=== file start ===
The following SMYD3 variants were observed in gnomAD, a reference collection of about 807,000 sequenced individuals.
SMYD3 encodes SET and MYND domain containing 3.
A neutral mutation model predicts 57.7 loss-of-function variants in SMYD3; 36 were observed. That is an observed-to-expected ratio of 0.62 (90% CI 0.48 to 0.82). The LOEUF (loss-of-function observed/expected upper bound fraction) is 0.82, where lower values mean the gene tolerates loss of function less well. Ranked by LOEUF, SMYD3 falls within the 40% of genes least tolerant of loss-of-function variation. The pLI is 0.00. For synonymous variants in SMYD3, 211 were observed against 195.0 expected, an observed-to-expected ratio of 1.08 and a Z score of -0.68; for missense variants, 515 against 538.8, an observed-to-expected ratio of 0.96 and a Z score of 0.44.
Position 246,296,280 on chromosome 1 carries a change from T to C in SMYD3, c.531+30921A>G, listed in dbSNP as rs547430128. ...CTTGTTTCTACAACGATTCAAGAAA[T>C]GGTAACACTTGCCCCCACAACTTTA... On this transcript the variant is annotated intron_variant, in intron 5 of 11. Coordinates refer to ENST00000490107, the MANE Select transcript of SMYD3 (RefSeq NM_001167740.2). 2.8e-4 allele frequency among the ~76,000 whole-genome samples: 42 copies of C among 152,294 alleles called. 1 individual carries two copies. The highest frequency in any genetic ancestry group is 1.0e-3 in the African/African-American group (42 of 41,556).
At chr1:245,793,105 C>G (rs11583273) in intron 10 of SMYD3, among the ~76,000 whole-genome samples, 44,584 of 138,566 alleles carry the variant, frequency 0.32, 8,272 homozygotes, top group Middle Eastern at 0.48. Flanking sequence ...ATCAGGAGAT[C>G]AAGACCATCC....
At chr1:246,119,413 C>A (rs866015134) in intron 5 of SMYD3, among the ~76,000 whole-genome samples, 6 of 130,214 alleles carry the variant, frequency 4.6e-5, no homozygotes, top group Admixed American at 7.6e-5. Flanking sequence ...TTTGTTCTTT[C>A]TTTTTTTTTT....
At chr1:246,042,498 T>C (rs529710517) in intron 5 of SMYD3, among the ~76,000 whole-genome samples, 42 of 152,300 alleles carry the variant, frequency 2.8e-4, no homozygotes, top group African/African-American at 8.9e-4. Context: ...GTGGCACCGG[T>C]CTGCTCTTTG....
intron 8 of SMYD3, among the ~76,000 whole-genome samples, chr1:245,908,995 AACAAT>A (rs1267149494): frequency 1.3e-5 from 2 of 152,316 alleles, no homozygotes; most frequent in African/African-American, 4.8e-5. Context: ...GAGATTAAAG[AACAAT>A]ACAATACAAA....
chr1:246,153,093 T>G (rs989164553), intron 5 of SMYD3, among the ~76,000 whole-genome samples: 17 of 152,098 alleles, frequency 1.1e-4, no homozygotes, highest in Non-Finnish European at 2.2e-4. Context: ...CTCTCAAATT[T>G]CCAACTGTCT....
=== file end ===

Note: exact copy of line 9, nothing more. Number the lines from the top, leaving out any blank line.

chr1:246,153,093 T>G (rs989164553), intron 5 of SMYD3, among the ~76,000 whole-genome samples: 17 of 152,098 alleles, frequency 1.1e-4, no homozygotes, highest in Non-Finnish European at 2.2e-4. Context: ...CTCTCAAATT[T>G]CCAACTGTCT....